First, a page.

Class Vs Functional React Component ~ Tricky Closure Problem

Andreas Sujono
5 min readMar 27

Do you think class and functional component behaves the same way? think again

When hooks are introduced in 2018, many people think they should migrate from class components to functional components straight away. However, it’s not recommended to convert your previous class component codebase fully to a functional component with hooks because the behaviour might change. I, personally love hooks as they are so simple yet powerful. However, I found some problem in hooks that is quite tricky to solve. I will discuss that at the end of this article.

General Difference

Previously, a functional component could just handle a static and non-reactive component, meaning features such as state and component lifecycle are not available in a functional component. However, hooks are finally introduced as the solution. Almost all the things that you can do in the class component can be done in a functional component. Only 1 feature that is not available now yet which is the error handler. Only the class component can catch the UI error by using componentDidCatch and static getDerivedStateFromError

Before we dive into the difference between those 2 component types, we need to know why hooks are preferred and recommended by the React team:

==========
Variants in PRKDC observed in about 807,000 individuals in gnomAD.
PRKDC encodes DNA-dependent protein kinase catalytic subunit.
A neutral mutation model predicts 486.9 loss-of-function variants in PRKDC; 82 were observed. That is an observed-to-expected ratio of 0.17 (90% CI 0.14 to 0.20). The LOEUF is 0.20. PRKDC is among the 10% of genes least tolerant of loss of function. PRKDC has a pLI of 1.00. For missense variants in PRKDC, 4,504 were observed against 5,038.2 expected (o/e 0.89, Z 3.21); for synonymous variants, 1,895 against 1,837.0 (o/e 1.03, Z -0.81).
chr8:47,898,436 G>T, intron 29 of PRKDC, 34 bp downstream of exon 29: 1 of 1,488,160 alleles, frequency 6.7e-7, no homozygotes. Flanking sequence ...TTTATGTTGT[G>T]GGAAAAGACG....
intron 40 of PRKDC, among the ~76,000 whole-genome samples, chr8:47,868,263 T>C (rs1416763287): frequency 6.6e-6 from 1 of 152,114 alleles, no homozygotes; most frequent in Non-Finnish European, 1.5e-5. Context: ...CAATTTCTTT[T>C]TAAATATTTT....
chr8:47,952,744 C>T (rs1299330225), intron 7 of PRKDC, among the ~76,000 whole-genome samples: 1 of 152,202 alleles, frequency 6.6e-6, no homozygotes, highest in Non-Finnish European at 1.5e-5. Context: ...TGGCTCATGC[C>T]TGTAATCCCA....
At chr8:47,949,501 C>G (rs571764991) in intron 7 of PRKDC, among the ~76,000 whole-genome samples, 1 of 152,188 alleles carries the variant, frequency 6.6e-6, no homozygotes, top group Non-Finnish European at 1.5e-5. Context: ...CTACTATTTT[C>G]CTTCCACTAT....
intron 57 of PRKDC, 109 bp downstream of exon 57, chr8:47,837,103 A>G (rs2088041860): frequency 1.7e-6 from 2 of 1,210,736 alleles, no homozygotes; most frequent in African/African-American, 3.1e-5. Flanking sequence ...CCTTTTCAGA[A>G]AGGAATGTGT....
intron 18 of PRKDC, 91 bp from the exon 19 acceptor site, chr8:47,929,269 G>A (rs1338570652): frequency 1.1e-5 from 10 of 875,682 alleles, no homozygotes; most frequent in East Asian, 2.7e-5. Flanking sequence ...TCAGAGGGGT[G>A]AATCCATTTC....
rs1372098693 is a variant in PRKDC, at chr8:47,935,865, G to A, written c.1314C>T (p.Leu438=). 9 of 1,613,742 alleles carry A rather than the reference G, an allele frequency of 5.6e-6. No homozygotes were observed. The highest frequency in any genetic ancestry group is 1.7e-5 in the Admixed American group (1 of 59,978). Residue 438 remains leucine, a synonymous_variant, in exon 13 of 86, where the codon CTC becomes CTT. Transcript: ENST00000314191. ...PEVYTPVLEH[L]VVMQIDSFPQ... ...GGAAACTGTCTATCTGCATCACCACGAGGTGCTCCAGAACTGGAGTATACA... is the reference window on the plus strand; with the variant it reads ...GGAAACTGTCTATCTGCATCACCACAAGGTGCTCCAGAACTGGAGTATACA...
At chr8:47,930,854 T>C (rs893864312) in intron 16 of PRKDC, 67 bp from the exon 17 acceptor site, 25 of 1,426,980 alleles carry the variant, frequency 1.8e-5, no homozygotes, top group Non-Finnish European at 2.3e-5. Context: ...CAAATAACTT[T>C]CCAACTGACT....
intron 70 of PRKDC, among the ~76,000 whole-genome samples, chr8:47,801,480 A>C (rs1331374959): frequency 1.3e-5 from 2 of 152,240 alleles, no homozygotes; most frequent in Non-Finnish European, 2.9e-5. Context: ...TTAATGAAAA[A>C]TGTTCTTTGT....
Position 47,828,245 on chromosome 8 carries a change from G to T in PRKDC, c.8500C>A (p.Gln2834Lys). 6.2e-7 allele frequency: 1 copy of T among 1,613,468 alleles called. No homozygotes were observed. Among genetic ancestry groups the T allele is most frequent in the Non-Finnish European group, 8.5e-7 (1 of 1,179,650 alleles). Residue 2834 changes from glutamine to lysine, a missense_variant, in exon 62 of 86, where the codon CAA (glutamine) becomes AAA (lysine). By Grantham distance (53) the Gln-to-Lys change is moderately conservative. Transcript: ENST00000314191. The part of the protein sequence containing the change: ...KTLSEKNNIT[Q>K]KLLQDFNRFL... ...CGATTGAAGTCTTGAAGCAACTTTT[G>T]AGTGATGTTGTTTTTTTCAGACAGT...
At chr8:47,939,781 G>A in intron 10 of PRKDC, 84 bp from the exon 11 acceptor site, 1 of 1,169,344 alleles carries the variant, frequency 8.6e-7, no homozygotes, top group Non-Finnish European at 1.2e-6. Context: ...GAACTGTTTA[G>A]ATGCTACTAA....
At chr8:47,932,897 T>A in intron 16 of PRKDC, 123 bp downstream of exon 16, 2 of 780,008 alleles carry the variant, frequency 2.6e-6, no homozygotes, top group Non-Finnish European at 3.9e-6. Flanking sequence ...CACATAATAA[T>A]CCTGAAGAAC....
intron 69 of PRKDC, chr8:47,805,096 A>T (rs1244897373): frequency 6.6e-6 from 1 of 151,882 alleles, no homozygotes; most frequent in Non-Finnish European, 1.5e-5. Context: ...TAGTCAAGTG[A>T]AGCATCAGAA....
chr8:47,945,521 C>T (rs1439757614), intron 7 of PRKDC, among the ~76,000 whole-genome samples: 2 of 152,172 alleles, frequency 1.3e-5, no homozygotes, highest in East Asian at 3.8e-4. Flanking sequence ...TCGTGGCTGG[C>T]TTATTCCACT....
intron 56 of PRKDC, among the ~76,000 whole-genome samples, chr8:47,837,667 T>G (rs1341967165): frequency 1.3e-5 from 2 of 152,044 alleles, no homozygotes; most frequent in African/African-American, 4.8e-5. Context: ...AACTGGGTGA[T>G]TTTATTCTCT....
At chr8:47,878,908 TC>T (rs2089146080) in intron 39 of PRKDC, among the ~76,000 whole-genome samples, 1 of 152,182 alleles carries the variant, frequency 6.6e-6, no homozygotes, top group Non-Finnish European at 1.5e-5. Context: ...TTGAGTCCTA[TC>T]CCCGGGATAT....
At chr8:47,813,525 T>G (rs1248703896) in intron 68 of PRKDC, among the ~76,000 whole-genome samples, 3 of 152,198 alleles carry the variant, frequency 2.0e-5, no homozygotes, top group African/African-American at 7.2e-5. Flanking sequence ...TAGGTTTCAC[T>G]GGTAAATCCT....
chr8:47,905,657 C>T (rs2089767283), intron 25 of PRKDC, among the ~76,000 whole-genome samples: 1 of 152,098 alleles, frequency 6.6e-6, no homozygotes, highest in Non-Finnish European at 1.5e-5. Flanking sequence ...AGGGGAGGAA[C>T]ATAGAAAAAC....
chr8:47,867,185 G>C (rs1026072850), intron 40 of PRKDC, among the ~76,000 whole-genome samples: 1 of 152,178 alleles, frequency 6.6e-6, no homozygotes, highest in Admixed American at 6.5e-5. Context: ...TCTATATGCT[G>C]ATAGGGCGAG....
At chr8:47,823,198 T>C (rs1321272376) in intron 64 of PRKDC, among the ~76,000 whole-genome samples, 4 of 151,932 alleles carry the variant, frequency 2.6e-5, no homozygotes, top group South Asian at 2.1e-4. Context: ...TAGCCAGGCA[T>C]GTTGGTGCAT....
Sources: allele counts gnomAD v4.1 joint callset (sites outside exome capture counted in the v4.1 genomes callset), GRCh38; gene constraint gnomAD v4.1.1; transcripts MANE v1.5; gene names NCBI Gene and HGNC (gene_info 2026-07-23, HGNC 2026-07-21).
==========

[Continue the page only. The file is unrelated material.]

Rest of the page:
• Class is confusing for both humans and machines

Javascript is basically not an object-oriented programming language. ES6 mimic the class feature by utilizing a concept called prototypal inheritance. React team also realizes this and announced that class components are difficult to be optimized, for instance, the minification does now work very well. Moreover, The class component also makes hot reload flaky and unreliable

  • More complex code in class component

A lot of logic is combined together in component lifecycle methods in class components because we only allow declaring lifecycle method once. However, in functional component, we can call useEffect multiple times to decouple and localize logic as useEffect acts as 3 component lifecycle: componentDidMount, componentDidUpdate, and componentWillUnmount.

  • code more succinct & low learning curve
Andreas Sujono

A Full Stack Developer with 5 years of working experience, Web2 and Web3 Enthusiast, twitter: @AndreasSujono2